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One of the largest property groups in Europe is directly tied to Queen Elizabeth II. Strictly speaking, the 95-year-old monarch doesn't own it. But neither does the government, making it complex legally.
Regent Street is one of London's best-known thoroughfares. The 1.3-kilometer (0.8-mile) stretch intersects the districts of Soho and Mayfair in the heart of the city's famous West End. It is lined with well-known shops, bars and restaurants.
As commercial real estate goes, it is about as prime as it gets. Remarkably, practically every square inch of the street is owned by a single company: The Crown Estate.
This is clearly not just any old enterprise. As well as vast tracts of central London, The Crown Estate owns property all across the UK, from castles and cottages to agricultural land and forests plus retail parks and shopping centers. It owns more than half the UK's entire seashore, giving it hugely valuable auction rights for offshore commercial activity, such as wind farms.
Administering real estate worth at least £14.1 billion (€16.4 billion, $17.8 billion), it is one of Europe's largest property groups. The question of who exactly owns the real estate empire is not a straightforward one, though.
"The Crown Estate belongs to the reigning monarch 'in right of the Crown,' that is, it is owned by the monarch for the duration of their reign, by virtue of their accession to the throne," the company explains on its website. "But it is not the private property of the monarch — it cannot be sold by the monarch, nor do revenues from it belong to the monarch."
It also makes clear that the British government also does not "own" The Crown Estate, which is registered as a corporation sole and managed by an independent organization. The royal family is not involved in its governance.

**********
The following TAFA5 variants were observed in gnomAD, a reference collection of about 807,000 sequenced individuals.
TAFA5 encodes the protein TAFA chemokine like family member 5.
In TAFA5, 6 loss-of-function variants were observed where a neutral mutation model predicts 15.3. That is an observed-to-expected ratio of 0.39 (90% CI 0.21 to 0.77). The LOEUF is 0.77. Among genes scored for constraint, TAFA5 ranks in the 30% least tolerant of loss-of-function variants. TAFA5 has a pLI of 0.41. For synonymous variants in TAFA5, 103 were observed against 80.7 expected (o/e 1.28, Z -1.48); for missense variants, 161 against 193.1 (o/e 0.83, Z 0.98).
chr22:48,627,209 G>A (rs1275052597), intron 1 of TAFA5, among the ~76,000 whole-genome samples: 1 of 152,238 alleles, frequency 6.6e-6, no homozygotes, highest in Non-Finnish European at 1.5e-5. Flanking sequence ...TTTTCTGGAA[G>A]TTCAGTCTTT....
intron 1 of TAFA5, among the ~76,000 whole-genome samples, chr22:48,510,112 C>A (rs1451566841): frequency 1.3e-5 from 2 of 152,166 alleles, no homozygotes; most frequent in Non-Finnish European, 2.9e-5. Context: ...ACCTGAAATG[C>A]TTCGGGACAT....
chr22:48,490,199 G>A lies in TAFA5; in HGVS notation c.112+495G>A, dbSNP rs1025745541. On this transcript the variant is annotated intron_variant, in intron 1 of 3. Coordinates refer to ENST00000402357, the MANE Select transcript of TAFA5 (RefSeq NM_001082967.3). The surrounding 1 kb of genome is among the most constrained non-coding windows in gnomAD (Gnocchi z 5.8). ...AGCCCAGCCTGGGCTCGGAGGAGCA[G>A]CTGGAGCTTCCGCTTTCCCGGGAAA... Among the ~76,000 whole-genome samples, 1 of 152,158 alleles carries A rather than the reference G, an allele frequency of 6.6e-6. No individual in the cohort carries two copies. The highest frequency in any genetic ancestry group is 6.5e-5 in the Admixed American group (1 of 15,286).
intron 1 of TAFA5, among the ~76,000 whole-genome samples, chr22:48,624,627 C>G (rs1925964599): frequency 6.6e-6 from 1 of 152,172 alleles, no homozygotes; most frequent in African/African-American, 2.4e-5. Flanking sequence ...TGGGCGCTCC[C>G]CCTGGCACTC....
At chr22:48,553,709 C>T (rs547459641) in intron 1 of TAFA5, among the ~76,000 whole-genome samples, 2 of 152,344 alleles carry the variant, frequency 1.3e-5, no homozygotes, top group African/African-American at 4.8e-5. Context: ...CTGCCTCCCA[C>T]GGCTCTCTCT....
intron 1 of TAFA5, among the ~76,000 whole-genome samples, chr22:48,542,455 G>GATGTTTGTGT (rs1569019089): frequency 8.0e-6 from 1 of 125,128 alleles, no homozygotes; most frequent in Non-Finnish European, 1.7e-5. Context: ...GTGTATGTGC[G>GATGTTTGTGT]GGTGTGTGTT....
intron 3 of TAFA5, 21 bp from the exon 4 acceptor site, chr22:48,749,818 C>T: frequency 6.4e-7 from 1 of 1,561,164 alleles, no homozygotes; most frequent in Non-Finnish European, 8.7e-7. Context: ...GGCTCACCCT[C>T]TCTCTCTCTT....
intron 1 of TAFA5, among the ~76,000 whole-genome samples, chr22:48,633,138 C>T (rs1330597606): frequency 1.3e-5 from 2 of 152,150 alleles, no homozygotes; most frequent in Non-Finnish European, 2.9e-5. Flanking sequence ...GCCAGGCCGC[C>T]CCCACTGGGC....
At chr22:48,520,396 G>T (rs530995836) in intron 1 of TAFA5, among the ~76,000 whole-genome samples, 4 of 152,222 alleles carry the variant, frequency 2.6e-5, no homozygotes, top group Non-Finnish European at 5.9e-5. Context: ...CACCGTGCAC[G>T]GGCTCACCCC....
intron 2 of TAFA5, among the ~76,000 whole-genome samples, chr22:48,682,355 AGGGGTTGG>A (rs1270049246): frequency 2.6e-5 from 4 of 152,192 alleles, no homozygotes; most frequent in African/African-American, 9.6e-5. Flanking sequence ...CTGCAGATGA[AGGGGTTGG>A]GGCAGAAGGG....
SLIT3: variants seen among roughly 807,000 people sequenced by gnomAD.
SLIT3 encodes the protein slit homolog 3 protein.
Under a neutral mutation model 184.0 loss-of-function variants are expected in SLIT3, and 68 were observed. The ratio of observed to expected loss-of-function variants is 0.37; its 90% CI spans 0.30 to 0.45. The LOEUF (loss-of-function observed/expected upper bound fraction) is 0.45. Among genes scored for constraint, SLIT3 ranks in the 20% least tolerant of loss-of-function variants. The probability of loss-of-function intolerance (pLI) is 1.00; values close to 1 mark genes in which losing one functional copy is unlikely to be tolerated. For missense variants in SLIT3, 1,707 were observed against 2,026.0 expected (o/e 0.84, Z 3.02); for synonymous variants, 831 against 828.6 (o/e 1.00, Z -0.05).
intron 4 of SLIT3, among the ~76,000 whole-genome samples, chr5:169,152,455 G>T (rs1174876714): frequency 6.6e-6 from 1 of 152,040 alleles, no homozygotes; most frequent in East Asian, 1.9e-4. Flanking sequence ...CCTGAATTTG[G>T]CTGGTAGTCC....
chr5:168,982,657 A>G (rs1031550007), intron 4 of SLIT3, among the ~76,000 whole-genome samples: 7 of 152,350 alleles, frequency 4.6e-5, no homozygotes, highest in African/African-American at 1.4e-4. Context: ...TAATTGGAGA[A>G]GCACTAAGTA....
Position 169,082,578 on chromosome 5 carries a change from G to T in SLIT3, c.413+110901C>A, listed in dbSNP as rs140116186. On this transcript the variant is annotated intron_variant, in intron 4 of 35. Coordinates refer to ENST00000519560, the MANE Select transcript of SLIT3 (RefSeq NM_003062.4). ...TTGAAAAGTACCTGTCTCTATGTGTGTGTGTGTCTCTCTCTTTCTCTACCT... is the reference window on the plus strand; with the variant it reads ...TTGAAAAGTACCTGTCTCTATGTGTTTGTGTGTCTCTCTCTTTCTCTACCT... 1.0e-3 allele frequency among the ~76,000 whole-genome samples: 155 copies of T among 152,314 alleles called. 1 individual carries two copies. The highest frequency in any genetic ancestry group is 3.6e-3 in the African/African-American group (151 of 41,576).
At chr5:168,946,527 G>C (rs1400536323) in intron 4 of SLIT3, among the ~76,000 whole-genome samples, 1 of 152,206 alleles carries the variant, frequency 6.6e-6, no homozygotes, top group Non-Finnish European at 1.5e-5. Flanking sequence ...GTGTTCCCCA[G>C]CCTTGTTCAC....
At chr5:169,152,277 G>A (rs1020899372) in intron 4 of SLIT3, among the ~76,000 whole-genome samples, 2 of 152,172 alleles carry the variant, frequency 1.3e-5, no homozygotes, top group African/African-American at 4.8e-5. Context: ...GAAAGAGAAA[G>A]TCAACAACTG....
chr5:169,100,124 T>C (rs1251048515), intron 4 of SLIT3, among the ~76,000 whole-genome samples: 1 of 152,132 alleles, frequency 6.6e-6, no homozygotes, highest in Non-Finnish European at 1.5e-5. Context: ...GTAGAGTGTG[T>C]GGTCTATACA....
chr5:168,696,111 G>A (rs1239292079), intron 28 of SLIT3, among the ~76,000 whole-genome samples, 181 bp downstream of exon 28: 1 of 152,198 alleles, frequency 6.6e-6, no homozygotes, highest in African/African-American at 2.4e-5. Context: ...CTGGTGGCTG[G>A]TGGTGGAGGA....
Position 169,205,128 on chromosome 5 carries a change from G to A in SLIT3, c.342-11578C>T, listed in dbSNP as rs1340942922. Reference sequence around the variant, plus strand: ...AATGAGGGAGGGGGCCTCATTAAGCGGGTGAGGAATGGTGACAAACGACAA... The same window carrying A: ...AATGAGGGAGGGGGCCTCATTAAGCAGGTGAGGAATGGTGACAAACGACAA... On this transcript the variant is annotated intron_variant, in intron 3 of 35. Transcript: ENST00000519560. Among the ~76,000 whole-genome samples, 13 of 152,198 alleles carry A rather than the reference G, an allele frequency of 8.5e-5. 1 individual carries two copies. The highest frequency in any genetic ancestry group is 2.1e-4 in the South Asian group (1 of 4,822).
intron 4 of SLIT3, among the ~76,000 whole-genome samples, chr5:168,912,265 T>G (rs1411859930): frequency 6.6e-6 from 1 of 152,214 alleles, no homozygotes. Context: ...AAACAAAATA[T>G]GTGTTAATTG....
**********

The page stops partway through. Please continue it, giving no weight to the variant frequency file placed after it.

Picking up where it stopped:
There is also a distinction between the wealth of The Crown Estate and the queen's own personal wealth. For example, she is the owner of Balmoral and Sandringham Castles, which she inherited. According to the May 2021 edition of The Sunday Times Rich List, Queen Elizabeth II has a personal net worth of £365m. A whopping £100 million of that alone accounts for the queen's family's personal stamp collection, known as the Royal Philatelic Collection.
While The Crown Estate ownership question itself is not easily defined, it is clear that the business does well. In its most recent accounts for the financial year 2019/2020 (up until March 31, 2020), it reported record profits of £345 million. While results for 2020/21 have not been reported yet, it is clear that the pandemic has had an impact. Prolonged lockdowns meant several of The Crown Estate's commercial tenants owed it millions in rent.
However, there has been more good news than bad recently. An auction earlier this year for seabed rights for six new offshore wind farms could potentially bring huge revenues. Several major oil consortiums purchased option fees which when combined could mean up to £8.8 billion in revenues for The Crown Estate over the next decade.